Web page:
(a) The results of the annual objectives of each field, actions, works, and priorities of each directorate separately, with documentation of the activity of the agencies for cultural heritage at central and regional level;

    (b) The results of the work of independent inter-scientific committees of the Ministry of Culture for the maintenance and restoration of very important historical monuments and sites, especially those included in the of World Heritage list of UNESCO;

    (c) The results of research and studies of the Stone Centre, which was created in 1997 by the Ministry of Culture at historical monuments and sites, in order to identify the cause of damages to monuments and discover methods of preservation and protection of the monuments’ structural material. Those results are notified and forwarded to International Preservation Centres and international scientific journals and editions, such as Studies of the International Institute of Conservation of England. The Stone Centre cooperates with respective centres in France, the United Kingdom, Germany, Sweden, Spain, Bulgaria, Italy, the United States of America and other countries, both for the exchange and dissemination of know-how and technology that it discovers and uses and for perfecting the monument preservation media with the use of new technologies, updating the sector’s professionals and making the public and financing bodies aware thereof;

    (d) The results of the cooperation of the European Centre for Byzantine and PostByzantine Culture of Thessaloniki, operating under the auspices of UNESCO, with the agencies of countries with Byzantine culture monuments, such as Italy, the Balkan countries, the Caucasian countries, Jordan and Syria.

    649. These evaluations, scheduled by the General Directorates of the Ministry of Culture, examine in detail the actions and activities of each directorate and curatorship, assess the ability and percentage of absorption of the credits granted, and, above all, examine the impact of the works to society and the social benefit.

    650. The productive dialogue that ensues directs the taking of future measures or the improvement of existing measures and the taking of decisions for scheduling new actions for next year.

    651. At the regional level, with the presence of the minister and the hierarchy of the Ministry of Culture, of regional authorities (regional manager, prefects, mayors, presidents of communities) and directors of cultural agencies of the province, meetings are held twice a year, which examine the measures and actions taken for the development of modern culture in the region, especially concerning the agencies that have concluded policy agreements with the Ministry of Culture and made up the National Cultural City Network (EPDP), now “Culture Territory”.

    652. Municipal regional theatres, artistic workshops, cinema networks, professionals of the cultural field and presidents of local and regional professional associations are entitled to judge and evaluate the measures taken by the State and the Minister of Culture for the presentation and protection of diversity of the cultural heritage, the protection of folk art and tradition, the promotion of modern artistic creation, and the creative participation of all citizens in the cultural life of the country.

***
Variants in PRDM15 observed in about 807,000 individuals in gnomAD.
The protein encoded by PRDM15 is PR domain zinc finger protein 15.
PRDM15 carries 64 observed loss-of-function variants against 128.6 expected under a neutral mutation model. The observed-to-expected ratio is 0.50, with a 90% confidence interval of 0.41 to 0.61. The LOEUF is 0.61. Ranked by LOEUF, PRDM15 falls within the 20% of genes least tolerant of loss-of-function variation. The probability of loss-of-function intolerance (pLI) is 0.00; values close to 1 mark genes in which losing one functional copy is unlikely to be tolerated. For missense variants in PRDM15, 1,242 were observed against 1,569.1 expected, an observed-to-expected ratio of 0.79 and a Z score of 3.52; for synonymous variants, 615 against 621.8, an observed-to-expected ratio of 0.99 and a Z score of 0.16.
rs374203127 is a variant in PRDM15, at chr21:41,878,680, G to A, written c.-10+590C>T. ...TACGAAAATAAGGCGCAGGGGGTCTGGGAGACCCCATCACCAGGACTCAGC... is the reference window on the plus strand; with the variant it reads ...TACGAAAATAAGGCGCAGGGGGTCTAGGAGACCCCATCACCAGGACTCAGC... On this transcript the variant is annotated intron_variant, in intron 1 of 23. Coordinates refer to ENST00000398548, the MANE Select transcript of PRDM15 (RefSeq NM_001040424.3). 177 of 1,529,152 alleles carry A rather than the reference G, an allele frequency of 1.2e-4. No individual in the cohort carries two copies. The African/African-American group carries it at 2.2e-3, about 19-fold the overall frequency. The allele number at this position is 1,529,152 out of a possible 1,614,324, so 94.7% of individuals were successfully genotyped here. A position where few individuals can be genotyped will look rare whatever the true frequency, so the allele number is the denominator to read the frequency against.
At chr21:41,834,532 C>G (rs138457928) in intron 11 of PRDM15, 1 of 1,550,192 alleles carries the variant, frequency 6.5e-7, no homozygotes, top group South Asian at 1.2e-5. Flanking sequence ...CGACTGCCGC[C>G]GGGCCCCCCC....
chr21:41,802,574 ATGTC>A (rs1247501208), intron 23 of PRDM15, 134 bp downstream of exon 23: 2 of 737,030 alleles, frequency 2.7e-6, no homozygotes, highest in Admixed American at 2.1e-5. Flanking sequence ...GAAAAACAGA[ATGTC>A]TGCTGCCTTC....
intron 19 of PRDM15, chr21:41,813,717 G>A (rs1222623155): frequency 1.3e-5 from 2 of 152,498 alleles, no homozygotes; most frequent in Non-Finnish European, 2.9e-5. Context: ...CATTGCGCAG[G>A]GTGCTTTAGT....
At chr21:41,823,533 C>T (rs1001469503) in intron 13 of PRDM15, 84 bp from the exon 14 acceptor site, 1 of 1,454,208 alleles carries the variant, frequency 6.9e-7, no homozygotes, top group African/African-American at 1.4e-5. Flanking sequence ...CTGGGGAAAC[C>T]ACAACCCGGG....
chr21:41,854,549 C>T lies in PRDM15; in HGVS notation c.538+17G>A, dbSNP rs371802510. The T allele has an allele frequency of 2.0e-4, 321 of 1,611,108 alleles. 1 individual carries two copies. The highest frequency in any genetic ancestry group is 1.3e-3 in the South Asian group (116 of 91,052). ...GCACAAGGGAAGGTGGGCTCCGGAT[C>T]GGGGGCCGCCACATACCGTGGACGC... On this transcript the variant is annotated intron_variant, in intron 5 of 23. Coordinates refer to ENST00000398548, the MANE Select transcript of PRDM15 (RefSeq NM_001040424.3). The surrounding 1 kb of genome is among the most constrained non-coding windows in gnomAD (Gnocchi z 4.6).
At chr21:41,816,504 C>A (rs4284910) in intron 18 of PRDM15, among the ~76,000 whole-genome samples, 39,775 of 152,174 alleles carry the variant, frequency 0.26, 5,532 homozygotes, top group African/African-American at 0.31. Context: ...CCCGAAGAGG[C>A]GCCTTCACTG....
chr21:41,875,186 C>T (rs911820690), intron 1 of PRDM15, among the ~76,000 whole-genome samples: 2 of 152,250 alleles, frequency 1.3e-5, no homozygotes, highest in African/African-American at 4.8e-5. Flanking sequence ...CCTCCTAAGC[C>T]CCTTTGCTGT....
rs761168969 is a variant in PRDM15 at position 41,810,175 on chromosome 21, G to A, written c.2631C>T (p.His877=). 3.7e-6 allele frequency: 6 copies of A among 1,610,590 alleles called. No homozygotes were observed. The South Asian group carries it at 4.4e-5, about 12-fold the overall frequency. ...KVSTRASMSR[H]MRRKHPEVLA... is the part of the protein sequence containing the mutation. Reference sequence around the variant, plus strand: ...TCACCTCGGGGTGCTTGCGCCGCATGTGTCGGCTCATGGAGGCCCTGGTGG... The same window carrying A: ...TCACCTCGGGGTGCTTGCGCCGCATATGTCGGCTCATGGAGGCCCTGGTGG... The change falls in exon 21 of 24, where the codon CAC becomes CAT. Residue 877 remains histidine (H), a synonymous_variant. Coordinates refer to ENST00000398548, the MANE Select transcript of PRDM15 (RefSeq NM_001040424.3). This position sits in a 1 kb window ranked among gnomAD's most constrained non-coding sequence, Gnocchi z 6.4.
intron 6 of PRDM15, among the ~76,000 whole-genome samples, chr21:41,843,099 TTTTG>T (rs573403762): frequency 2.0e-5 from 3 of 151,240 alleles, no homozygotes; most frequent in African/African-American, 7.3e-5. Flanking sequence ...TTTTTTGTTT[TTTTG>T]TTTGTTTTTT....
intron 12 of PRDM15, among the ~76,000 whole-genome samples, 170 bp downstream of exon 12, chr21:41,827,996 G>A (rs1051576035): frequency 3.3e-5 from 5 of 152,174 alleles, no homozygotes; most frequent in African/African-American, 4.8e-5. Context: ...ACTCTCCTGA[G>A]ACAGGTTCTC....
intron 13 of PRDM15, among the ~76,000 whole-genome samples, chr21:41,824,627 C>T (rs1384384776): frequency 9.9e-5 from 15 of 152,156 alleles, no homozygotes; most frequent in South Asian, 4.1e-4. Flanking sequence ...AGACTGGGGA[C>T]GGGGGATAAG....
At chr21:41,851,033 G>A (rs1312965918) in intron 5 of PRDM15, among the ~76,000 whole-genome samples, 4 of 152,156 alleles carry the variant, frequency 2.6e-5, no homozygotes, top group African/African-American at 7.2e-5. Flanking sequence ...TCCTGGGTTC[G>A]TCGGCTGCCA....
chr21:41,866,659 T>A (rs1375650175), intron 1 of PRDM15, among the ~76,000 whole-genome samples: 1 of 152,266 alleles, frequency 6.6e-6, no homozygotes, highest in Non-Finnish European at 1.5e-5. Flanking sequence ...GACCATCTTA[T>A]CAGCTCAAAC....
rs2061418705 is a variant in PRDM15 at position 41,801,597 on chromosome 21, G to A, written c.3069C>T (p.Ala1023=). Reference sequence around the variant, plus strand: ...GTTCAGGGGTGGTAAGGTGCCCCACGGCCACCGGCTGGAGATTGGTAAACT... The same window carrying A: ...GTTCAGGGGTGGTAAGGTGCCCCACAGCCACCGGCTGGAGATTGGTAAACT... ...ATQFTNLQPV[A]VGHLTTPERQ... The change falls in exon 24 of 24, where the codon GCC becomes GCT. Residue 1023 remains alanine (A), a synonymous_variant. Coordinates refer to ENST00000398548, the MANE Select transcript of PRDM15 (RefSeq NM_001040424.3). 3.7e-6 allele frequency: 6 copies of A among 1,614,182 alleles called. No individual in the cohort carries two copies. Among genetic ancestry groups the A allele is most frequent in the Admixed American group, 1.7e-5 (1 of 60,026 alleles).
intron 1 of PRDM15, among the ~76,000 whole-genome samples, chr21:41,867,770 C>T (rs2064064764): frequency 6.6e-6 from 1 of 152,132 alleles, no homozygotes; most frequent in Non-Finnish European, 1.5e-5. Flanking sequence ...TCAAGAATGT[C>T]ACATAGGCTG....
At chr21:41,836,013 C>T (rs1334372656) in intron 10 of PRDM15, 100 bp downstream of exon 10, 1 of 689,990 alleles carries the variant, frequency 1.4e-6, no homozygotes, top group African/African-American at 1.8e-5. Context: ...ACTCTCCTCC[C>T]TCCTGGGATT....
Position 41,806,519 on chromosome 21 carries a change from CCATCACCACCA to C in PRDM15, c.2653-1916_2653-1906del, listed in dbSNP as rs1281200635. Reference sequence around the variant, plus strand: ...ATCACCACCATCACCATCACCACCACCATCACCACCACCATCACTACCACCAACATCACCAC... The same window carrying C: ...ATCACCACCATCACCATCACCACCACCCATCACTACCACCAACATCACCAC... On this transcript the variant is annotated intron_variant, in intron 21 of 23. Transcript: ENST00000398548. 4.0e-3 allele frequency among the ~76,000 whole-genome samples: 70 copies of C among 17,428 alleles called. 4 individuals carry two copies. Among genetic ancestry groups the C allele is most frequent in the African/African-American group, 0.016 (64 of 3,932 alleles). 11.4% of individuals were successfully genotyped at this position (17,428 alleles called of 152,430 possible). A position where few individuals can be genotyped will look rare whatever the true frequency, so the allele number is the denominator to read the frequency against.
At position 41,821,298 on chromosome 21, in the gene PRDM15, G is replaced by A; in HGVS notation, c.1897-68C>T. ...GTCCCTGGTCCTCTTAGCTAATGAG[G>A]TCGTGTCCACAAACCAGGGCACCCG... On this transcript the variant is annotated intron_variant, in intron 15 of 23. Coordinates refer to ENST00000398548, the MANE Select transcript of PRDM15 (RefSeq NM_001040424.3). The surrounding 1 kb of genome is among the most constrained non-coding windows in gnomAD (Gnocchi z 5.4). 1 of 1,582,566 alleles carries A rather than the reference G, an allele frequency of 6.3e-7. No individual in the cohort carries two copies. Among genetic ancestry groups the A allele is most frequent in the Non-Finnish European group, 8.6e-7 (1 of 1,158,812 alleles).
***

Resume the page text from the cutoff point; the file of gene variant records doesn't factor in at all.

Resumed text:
Legislation protecting the freedom of artistic creation and performance

    653. For the protection of the freedom of artistic creation and performance, namely the freedom to disseminate the results of such activities, the Ministry of Culture:

    (a) Has enacted by Law No. 2557/97 measures and actions for cultural development, freedom of expression, artistic, intellectual, cinema, theatre, and music production, and the protection of the works and intellectual property of the creators and their related rights. The Ministry enacted annual awards for creators and artists, regulated matters of strategy and policy in this field, as well as matters of artists education, while it regulated matters of promotion and development of the artistic and cultural production of the creators in Greece and abroad.

    (b) Morally and financially supports the Greek Chamber of Plastic Arts (EETE), established in 1944 as a collective agency of artists, and the National Committee of the International Association of Plastic Arts/UNESCO (Law No. 1218/1981). EETE has now approximately 3,300 members (2,250 painters, 400 sculptors, 150 engravers, and 500 artists of different specialities, such as icon painters, stage designers, mosaic artists, graphic artists, decorators, ceramic artists, etc.). The objectives of EETE are:

    − To promote artistic creation in Greece and abroad;

    − To protect artistic interests;

    − To organize artistic events;

    − To cooperate with artistic organizations and associations in Greece and abroad; and

    − To develop artistic education and cultural information.

    654. During 1995-2000, for the purpose of promoting the interests of its members, EETE proceeded to:

    − Open notice for expression of interest;

    − Cooperation with municipalities for presentation of exhibitions;

    − Participation in international biennales and cooperation with foreign agencies;